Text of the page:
The ENNIA office on W.J.A. Nisbeth Road.
WILLEMSTAD/PHILIPSBURG--It will not be necessary to await the outcome of pending court proceedings to press on with the restructuring of ENNIA to ensure the continuity of the insurance company, Central Bank of Curaçao and St. Maarten (CBCS) interim president Jose Jardim stated during Thursday’s presentation of the Central Bank’s 2019 annual report.
Jardim also announced the appointment of a new management team at ENNIA, headed by Lesley-Ann Brodie as chief executive officer, as of this week.
An emergency measure regarding several companies of the ENNIA Group was issued in July 2018, at the request of the Central Bank. The aim of the emergency measure is to achieve a restructuring of ENNIA to restore its solvency, also in view of ENNIA’s long-term obligations to its policyholders.
During the presentation of the 2019 report, Jardim gave an update on the steps that have been taken in this regard.
“Immediately after the emergency measure came into force, the CBCS, together with ENNIA, identified all possible solutions to the solvency deficit, also carrying out a feasibility study. In collaboration with its advisors, the CBCS included the most concrete and feasible of these options in a restructuring plan that is already partly being implemented,” CBCS’ vice president said.
“For instance, large sums of funds and investments previously on US bank accounts have been returned to the insurance company’s control and preparatory steps are being taken towards a more transparent and less risky structure for the group. In several areas, the relevant components of ENNIA are now more loosely connected and, unlike the situation before the emergency regulation, the insurer’s actual capital position and risk profile can now be clearly assessed.”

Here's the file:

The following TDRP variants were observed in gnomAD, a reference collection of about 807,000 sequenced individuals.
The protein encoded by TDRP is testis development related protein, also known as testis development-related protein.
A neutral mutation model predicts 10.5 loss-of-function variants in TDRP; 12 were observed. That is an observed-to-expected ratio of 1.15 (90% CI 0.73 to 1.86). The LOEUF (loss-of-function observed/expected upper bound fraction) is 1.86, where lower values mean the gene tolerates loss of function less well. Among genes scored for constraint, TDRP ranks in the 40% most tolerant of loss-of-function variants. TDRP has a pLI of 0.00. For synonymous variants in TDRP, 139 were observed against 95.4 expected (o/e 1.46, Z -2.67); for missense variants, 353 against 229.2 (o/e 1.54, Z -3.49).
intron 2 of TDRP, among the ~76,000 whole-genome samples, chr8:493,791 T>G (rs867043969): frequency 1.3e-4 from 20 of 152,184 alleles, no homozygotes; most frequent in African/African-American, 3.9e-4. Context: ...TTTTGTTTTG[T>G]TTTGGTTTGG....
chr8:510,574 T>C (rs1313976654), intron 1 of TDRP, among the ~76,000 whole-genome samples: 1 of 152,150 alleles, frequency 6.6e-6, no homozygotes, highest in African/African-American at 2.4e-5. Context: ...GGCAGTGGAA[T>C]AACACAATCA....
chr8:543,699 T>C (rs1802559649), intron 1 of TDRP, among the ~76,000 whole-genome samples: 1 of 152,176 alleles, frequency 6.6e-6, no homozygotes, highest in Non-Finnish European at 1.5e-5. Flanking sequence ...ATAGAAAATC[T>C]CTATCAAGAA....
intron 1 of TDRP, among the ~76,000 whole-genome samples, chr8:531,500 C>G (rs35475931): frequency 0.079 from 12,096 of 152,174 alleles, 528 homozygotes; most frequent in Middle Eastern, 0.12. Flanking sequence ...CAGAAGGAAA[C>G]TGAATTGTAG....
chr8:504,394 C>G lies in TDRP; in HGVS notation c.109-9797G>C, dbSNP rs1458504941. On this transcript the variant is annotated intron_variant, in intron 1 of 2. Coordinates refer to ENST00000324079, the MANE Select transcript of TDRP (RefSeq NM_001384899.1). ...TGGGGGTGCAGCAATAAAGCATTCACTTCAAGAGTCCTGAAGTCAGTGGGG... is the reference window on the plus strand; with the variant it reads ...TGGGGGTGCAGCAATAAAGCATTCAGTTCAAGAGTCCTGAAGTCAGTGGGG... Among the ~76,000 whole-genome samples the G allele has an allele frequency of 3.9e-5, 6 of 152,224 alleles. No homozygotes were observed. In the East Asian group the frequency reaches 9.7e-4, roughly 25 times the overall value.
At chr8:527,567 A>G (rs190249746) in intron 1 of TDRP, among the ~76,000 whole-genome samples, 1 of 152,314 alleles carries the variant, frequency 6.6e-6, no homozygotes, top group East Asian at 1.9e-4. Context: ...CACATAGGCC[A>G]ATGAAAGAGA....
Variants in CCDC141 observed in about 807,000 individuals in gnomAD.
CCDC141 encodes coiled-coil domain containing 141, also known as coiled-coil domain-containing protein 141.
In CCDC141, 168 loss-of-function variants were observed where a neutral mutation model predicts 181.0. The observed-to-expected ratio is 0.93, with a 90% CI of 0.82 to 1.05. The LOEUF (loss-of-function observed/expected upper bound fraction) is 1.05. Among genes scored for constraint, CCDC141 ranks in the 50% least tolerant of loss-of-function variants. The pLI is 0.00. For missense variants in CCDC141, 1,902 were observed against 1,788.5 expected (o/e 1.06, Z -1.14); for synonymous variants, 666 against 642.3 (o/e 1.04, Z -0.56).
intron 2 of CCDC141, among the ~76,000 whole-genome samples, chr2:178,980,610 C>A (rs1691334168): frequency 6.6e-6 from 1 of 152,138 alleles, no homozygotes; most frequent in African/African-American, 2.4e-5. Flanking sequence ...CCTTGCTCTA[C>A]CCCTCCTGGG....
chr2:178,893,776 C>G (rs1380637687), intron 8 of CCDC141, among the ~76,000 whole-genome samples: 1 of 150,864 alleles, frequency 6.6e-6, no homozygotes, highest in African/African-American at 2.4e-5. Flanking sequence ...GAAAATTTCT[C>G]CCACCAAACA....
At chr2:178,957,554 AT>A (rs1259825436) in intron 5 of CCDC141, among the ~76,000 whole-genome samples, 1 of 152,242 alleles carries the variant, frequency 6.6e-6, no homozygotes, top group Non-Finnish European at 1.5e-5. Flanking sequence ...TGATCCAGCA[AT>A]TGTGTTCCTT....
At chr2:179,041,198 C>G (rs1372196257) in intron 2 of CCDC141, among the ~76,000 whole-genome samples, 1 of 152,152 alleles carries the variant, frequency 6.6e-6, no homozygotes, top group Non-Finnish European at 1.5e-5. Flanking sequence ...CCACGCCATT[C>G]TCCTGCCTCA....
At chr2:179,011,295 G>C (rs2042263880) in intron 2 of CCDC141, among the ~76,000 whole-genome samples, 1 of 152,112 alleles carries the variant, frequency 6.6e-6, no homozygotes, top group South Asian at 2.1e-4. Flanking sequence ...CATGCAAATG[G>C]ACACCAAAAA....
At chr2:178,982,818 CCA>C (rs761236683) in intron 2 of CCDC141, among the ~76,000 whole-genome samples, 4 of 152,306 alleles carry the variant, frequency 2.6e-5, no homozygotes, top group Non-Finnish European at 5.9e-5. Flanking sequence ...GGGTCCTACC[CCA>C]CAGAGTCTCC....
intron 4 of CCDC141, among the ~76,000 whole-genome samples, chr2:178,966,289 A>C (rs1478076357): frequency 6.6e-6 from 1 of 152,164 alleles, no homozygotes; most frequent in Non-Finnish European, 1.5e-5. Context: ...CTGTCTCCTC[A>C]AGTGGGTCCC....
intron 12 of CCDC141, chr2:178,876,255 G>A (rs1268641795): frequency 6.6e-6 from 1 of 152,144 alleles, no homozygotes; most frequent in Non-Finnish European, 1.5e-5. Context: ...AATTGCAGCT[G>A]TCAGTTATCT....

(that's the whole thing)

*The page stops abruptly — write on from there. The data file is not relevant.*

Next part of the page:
In the coming time, efforts will continue towards a step-by-step adjustment of ENNIA’s corporate structure and a gradual lifting of the emergency measure.
“These restructuring efforts will also continue after the gradual lifting of the emergency measure has begun. The aim is to safeguard the interests of ENNIA’s policyholders and those of other creditors, while ensuring its continuity. As soon as more details can be released on the progress of the restructuring efforts, the CBCS will share these,” Jardim said.
ENNIA initiated legal proceedings in October 2019 against several persons, including shareholder Hushang Ansary, who, according to ENNIA and the CBCS, are responsible for the serious problems that have arisen at ENNIA.
The action was taken after an in-depth investigation had revealed that the serious problems at ENNIA were in part caused by large-scale unlawful withdrawals of funds that should have remained available to policyholders. The aim of these proceedings is to secure compensation for as much of these withdrawals as possible, in the interest of the policyholders.
“A court judgment is not expected in the short term. Extensive legal actions such as this one take time, while tactics to delay the proceedings always remain a possibility.
“The first phase of the proceedings – summoning of the defendants by the court – has been completed and ENNIA will continue to ask the court for an expeditious handling of the case. The expectation is that it will not be necessary to await the outcome of the proceedings in order to press on with ENNIA’s restructuring to ensure its continuity,” Jardim said.
“ENNIA too is being confronted with the consequences of the COVID-19 pandemic. Nevertheless, it continues to value social involvement – also with regard to the consequences of this pandemic. It, therefore, also continues to monitor and whenever possible, support social projects,” the Central Bank’s vice president said.
“Additionally, ENNIA has taken steps to improve the level of service offered to its policyholders in the short term. ENNIA is also pursuing further innovation of its insurance products and is currently working on the implementation of new technologies in this regard.”